Rather than try to vaccinate all members of the global population, the WHO decided to address individual cases. Cards with photos of infected individuals and a basic clinical description of the disease were widely distributed. When a case of smallpox was identified, the WHO was contacted. They then put the infected individual in isolation and vaccinated all people in the general area, a process called “ring vaccination.” Once cases became less common, cash rewards were offered for reporting sick individuals. The last natural case occurred in Somalia in 1977. The world was officially declared smallpox-free in 1980.
Though smallpox is no longer found in the wild, it does exist in two laboratories, the CDC in Atlanta and the Vector Institute in Koltsovo, Russia. The virus is important to keep in the laboratory. Even though it is not necessary for vaccination against the disease, it is useful for research in development of antivirals and other vaccines. The decision to maintain the virus in the laboratory has been a controversial one. There is the distinct risk of it somehow making its way out of the laboratory, since smallpox is an excellent biological weapon.
Smallpox as a Biological Weapon
A good biological weapon doesn’t just cause suffering—it makes a society fall apart. Smallpox kills or permanently scars most who are infected. It is highly contagious, and because we no longer vaccinate against it, most people have no immunity. In the event of a widespread smallpox epidemic without emergency vaccination, people would not go to work, a general fear would pervade communities, children could not go to school, and even the government might begin to shut down.
Smallpox as a biological weapon would not be a new phenomenon. For instance, Cortez inadvertently wiped out a good portion of the Aztec population because of one infected member of his expedition. The British in the French and Indian war gave Native Americans blankets that had been in contact with people who had smallpox, though it is unclear how effective it was. There is also some evidence that smallpox was used in the American Revolutionary War.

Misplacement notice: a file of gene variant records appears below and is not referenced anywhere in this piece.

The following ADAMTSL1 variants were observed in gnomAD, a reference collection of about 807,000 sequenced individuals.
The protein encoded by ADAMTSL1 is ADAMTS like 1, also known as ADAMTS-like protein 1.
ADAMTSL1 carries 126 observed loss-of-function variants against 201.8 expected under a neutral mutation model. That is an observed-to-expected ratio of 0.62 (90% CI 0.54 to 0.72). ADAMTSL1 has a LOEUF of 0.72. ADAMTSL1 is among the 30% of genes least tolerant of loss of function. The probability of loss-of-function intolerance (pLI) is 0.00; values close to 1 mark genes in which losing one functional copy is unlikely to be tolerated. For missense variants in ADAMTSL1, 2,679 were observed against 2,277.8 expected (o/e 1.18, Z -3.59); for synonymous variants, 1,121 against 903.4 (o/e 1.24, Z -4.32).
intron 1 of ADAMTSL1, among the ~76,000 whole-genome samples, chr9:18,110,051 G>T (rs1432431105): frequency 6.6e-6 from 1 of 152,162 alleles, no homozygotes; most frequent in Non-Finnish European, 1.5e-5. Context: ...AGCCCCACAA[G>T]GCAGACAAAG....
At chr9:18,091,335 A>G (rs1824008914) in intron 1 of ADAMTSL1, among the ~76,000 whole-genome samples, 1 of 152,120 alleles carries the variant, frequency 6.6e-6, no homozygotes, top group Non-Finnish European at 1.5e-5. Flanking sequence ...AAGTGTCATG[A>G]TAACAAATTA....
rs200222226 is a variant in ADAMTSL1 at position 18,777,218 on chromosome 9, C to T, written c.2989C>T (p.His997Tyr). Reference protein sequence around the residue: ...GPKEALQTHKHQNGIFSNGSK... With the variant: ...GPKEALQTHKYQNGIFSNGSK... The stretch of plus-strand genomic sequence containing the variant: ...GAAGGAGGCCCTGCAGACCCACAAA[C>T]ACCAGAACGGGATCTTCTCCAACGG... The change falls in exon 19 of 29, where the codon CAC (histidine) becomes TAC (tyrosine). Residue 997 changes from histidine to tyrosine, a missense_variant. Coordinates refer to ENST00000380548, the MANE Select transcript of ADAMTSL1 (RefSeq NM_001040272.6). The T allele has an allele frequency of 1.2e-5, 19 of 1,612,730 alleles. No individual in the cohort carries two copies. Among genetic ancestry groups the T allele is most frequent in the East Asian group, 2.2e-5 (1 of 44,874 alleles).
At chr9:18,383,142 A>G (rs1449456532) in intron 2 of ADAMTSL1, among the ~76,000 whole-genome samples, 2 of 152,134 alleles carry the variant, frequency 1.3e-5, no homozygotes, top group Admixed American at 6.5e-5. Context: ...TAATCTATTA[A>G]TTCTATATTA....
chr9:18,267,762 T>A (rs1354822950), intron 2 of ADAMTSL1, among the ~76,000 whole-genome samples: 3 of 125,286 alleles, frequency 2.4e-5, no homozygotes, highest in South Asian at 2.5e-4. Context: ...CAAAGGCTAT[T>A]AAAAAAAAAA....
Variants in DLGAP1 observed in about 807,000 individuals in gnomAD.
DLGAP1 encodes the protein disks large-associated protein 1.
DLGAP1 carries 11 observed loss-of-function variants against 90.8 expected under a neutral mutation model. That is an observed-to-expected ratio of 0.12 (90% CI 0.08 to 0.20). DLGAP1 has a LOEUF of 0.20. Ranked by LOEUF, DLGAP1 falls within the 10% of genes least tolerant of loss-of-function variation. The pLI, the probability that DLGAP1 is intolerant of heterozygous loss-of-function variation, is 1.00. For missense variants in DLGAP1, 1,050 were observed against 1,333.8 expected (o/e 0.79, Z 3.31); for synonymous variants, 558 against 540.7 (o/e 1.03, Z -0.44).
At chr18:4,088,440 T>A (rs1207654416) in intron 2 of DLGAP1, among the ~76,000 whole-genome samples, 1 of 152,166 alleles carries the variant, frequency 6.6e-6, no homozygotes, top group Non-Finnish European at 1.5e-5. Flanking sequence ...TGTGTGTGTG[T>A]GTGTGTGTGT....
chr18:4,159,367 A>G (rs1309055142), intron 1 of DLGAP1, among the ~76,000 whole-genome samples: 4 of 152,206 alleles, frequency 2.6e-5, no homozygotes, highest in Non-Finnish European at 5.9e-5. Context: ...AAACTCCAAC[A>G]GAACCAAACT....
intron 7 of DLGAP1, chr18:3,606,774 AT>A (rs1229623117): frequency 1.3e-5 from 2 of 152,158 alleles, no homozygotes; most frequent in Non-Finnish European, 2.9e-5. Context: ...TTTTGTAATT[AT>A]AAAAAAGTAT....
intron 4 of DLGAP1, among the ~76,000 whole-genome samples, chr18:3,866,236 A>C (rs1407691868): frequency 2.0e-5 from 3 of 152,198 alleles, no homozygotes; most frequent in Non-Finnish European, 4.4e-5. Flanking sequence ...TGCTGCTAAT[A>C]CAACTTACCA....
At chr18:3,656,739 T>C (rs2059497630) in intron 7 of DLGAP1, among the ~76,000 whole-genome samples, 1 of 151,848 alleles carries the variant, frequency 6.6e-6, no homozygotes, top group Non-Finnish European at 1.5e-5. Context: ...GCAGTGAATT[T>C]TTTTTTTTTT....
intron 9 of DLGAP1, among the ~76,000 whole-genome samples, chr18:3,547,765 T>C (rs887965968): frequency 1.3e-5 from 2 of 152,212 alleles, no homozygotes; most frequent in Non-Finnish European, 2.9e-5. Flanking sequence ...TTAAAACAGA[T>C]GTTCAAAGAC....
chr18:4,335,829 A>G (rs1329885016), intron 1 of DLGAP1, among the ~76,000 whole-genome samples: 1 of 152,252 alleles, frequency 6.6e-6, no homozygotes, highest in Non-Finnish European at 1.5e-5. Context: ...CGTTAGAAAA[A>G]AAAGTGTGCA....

It is frightening to think how a disease like smallpox could disable our society. Fortunately, our country is not entirely susceptible to smallpox as a bioweapon, since enough vaccine has been stored to protect the entire population in the event of an attack.
So far, smallpox is the only disease to be fully eradicated. There have been other eradication programs that were abandoned (hookworm, malaria, yaws, and yellow fever) and a few others that are ongoing (poliomyelitis and dracunculiasis). Other potential candidates are measles, mumps, rubella, tapeworm, and filariasis.
People who are against the idea of vaccination in general often do not realize that vaccines against smallpox, polio, influenza, measles, and rabies have saved millions of lives. Yes, there are occasional side effects with all of these vaccines, but the benefits acquired by disease prevention greatly outweigh the negative consequences of mass vaccination.
Inhabitants of developed countries tend to forget that less developed or more densely populated countries have huge problems with all of these diseases. Diseases that seem rare and basically harmless can be huge threats in third world countries, where adequate nutrition and proper medical care are not always available. For instance, measles, a childhood disease that hasn't been common in a long time, has a 28% mortality rate in third-world countries. TWENTY-EIGHT PERCENT. In order for a disease to be completely eradicated, there has to be immunity on a global scale. The complete eradication of smallpox, which for millennia was a significant problem, is an amazing feat for mankind. It has shown that with a strong, organized effort, much human suffering and death can be avoided.